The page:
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In a double slit experiment with electrons i have read that if you put a detector at one of the slits, the interference pattern disppears. What if i put on both the slits? I would think it will still disappear. Everywhere I have seen detector been put only at one of the slits and was wondering if there is some hidden meaning.

I may want to see if it is pasing thorugh both at the same time. In that case I may want to put detector at both the slits even though I have only 2 slits. what happens then?

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  • $\begingroup$ The electron can't pass through both slits. How can you detect 1 particle 2 places at the same time? $\endgroup$ – JEB Dec 9 '18 at 3:02
  • $\begingroup$ It is the photon that has been said to travel through both slits, but this description is also mysterious. I prefer Feynman's simplified model which says look at all paths but only the shortest one is chosen. $\endgroup$ – PhysicsDave Dec 9 '18 at 4:50
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When you have two slits, if you find that the electron has not passed through one slit then it for sure must have passed through the other one because there are only two slits.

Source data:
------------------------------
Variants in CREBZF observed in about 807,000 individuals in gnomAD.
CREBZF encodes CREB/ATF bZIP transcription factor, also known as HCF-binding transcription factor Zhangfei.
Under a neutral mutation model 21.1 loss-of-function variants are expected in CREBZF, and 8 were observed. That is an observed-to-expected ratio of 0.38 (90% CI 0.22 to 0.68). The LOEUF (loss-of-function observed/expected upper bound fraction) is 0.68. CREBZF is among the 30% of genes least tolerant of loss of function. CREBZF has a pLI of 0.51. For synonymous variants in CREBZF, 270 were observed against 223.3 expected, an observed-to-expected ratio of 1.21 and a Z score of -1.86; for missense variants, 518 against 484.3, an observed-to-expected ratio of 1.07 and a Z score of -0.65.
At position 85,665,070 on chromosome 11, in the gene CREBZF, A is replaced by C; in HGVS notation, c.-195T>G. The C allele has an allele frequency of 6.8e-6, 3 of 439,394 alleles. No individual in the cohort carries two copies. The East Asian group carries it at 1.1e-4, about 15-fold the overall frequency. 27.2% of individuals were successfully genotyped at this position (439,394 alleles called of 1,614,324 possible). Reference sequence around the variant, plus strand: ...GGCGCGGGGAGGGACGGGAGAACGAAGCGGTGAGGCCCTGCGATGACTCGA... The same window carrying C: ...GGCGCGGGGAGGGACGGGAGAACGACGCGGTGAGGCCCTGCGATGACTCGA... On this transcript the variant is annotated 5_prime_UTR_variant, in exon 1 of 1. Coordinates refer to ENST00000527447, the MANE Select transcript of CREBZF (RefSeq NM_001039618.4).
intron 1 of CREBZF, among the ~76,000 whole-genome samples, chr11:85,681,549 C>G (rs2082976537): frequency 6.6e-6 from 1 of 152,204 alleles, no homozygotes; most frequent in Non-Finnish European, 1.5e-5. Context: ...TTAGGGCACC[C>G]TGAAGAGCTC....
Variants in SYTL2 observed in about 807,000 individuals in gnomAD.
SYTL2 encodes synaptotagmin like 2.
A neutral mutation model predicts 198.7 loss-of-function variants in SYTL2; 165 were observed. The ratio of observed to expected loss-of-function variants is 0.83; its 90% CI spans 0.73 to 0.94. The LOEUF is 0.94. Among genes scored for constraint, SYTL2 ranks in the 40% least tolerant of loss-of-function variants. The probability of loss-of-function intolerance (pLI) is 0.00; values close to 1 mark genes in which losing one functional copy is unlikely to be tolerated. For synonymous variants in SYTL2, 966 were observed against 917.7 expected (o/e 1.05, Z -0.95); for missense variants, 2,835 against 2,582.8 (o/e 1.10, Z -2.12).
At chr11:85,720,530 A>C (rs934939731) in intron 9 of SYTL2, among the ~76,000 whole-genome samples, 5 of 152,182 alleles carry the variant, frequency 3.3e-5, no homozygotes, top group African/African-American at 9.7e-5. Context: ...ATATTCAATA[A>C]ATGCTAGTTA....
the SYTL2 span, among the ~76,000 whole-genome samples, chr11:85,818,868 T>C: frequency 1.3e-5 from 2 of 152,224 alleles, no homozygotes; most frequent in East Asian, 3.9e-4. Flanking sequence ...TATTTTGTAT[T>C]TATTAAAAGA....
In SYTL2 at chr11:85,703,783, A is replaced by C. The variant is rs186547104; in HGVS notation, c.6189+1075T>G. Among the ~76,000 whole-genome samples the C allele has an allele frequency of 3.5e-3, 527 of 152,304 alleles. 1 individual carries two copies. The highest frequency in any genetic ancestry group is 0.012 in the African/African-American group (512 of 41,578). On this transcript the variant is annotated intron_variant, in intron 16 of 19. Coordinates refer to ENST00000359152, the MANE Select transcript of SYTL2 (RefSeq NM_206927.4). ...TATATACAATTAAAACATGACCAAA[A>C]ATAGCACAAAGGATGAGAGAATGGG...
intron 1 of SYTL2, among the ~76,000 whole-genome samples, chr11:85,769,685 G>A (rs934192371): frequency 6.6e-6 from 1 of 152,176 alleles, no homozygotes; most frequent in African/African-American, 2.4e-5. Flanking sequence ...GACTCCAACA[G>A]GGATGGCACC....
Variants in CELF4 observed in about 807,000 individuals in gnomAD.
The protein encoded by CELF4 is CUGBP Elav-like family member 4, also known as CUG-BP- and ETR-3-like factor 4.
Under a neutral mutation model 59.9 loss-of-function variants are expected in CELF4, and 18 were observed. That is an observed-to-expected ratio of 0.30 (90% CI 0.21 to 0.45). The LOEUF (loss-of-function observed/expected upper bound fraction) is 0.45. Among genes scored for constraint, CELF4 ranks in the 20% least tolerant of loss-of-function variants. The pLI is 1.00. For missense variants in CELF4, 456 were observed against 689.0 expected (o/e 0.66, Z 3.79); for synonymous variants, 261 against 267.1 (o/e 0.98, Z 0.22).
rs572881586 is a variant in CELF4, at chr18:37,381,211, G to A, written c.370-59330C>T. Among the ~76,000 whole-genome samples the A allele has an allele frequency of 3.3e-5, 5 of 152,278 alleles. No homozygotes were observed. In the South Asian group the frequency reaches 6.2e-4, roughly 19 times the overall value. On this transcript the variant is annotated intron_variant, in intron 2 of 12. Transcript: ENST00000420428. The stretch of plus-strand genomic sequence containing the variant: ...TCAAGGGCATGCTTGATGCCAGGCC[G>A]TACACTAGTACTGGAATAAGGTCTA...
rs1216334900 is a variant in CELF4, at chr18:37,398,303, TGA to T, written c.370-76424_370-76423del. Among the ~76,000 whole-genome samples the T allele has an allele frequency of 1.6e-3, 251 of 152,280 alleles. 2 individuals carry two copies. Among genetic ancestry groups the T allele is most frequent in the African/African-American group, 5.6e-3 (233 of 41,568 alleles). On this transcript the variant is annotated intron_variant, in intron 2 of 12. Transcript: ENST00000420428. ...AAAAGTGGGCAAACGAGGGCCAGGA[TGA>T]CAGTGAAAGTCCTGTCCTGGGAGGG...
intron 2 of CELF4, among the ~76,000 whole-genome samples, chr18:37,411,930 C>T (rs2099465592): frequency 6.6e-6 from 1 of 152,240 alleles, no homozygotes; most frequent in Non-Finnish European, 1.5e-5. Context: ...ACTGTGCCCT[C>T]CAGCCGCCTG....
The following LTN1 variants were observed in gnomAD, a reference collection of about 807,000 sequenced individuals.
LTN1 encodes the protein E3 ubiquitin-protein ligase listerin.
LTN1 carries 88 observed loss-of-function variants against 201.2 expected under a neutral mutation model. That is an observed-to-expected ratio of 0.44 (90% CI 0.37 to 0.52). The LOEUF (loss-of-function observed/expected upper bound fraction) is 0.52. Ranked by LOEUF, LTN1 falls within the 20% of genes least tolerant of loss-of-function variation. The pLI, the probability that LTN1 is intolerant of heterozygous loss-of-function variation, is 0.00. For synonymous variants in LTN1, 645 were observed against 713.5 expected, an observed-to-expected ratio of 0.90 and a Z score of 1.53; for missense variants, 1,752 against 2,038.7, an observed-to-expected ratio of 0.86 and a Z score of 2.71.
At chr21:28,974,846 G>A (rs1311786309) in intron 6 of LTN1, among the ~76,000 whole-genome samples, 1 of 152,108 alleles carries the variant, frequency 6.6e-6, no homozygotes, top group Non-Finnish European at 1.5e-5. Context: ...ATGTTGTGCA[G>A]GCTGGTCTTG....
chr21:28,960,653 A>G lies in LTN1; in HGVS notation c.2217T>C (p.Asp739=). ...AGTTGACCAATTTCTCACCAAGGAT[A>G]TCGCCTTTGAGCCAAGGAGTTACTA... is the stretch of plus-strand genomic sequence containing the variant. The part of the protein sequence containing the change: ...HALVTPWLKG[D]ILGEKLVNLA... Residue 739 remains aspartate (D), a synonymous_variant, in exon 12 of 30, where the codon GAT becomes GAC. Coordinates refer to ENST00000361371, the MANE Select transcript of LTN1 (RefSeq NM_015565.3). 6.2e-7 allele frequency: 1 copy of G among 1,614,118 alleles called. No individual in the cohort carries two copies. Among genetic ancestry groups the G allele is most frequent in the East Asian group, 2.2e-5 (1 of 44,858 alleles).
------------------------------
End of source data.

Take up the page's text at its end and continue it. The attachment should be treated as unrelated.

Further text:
On the other hand, if you have multiple slits you do need more than one detector to know which slit the electron has passed through.

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  • $\begingroup$ but I may want to see if it is pasing thorugh both at the same time. In that case I may want to put detector at both the slits even though I have only 2 slits? $\endgroup$ – user31058 Dec 8 '18 at 19:42
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    $\begingroup$ No. If you observe a electron to be in one of the slits, the wave-function collapses and the probability of finding it at the other slit is 0. $\endgroup$ – 256ABC Dec 8 '18 at 19:50
  • $\begingroup$ It is identical to the scenario where you have two boxes and there is a glove in one of them .You only need to open one box to know which box the glove is in. $\endgroup$ – 256ABC Dec 8 '18 at 19:55
  • $\begingroup$ Or to put in this context: There are two ways to get to the screen by the electron. If you find that it hasn't gone through one way, then for sure it must have gone through the other one. $\endgroup$ – 256ABC Dec 8 '18 at 19:56
  • $\begingroup$ that is Copenhagen way of saying it. What if I dont know anything about collapse and all. I am totally naive and I am suspecting that they might be passing through both the slits and want to put 2 detectors. Will the interference pattern disappear.? $\endgroup$ – user31058 Dec 8 '18 at 20:03

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